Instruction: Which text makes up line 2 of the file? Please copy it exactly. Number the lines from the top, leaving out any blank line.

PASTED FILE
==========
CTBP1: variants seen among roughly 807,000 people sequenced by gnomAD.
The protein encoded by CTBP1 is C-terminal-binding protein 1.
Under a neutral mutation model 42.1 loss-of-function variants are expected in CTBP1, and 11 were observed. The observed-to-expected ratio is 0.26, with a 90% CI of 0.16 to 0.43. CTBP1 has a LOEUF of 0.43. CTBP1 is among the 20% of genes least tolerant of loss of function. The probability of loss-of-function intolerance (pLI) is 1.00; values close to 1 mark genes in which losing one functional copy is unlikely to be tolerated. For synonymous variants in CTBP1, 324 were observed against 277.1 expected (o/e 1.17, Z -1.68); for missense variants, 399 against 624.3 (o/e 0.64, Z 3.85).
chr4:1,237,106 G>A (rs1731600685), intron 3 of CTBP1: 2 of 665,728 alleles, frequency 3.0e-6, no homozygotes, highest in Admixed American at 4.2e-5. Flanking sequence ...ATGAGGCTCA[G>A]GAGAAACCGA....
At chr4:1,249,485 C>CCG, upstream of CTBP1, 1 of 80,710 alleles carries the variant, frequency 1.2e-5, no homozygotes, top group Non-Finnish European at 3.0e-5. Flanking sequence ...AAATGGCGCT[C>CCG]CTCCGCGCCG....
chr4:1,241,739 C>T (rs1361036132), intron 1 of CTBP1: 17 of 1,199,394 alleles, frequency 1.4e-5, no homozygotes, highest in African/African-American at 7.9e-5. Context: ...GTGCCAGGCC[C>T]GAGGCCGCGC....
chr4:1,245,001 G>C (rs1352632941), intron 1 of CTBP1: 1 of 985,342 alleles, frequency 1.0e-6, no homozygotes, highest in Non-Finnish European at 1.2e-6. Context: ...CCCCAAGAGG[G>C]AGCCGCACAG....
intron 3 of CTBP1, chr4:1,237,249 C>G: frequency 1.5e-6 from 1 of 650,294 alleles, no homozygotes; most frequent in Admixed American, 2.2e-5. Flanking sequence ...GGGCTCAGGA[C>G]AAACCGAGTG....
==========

The protein encoded by CTBP1 is C-terminal-binding protein 1.